In this step it is most important NOT to try to understand how it works, just to understand the tools and capabilities it provides. I have seen it many times that a junior gets “stuck” on trying to understand the depths of the framework, and the truth is they are just not ready to. They don’t fully understand WHAT the framework can do, so they have no chance to understand how.
Almost every framework I have used has many different features that compliment each other (makes sense). This stage is focused on that, using the framework to its fullest. Mixing and matching different features, making the whole greater than the sum of its parts. This is where the developer truly learns HOW to use the framework correctly.
Here is where things get truly interesting. There comes a time when you reach the limits of the framework and try to do something you think should be possible, but turns out it isn't. This is when you download the source code and start the deep dive to understand the WHY. Sometimes it's something at the core of how it's built, but other times it's just on the fringes of what the framework can do, and that means, no examples, no documentation. Then the only answer is to understand why the framework works the way it does.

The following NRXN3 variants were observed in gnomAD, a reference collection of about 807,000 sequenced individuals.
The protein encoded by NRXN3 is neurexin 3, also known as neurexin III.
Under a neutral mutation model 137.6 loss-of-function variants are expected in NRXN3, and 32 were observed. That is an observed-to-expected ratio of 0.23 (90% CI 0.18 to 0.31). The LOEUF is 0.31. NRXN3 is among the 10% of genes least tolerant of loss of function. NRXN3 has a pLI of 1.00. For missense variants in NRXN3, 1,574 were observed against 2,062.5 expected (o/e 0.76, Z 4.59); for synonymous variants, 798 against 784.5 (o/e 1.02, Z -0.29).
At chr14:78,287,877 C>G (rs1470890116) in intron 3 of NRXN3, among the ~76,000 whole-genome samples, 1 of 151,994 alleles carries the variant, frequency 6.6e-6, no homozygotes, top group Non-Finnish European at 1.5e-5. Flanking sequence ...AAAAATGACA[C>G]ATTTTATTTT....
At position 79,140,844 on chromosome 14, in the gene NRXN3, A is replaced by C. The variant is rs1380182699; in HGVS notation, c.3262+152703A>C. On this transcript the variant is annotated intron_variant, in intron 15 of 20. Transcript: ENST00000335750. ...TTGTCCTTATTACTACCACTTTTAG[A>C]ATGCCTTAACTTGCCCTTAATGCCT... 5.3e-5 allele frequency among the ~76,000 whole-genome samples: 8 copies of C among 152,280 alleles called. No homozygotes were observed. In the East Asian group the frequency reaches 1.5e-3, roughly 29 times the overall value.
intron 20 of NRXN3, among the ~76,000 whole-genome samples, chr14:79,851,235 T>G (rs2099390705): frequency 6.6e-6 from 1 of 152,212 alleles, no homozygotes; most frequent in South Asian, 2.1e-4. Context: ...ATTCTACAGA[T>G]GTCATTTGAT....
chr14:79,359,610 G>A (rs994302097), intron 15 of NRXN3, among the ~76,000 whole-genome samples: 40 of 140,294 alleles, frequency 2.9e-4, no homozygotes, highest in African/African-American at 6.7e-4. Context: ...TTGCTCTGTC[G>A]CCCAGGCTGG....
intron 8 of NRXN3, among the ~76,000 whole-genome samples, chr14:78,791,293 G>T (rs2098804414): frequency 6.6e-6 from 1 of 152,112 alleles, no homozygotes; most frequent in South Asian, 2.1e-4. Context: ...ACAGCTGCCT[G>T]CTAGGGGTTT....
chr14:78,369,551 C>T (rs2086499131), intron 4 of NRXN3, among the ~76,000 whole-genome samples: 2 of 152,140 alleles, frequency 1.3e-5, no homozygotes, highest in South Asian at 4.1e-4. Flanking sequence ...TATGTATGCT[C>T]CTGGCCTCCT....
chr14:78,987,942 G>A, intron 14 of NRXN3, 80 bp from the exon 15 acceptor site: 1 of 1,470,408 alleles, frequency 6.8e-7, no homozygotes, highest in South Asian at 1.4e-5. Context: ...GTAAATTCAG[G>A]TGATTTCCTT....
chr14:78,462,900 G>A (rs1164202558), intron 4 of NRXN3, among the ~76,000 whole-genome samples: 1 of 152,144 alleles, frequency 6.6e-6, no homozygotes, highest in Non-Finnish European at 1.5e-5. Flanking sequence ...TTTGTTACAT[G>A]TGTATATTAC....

This is the final stage, where you can start using the tools the framework gives you to build your own mini framework upon. Or even build your own libraries from scratch. This is where you start contributing to the framework, or start releasing some open source of your own.
After a year or 2 in the company, I got a new task, implementing a new PSP (Payment service provider), basically adding something like paypal to the clients payment options. This was a new area in the code for me, something I had no experience with. So off to the races, I went and looked at the implementation of a few different PSPs, and to my shock, I saw a ton of very similar code, makes sense since it doesn't really matter how the money comes in, we still need to update billing, create the relevant logs, and credit the account. All this was done time and time again, in the different PSPs, this was mainly because the objects we were getting back from the PSP api were so different.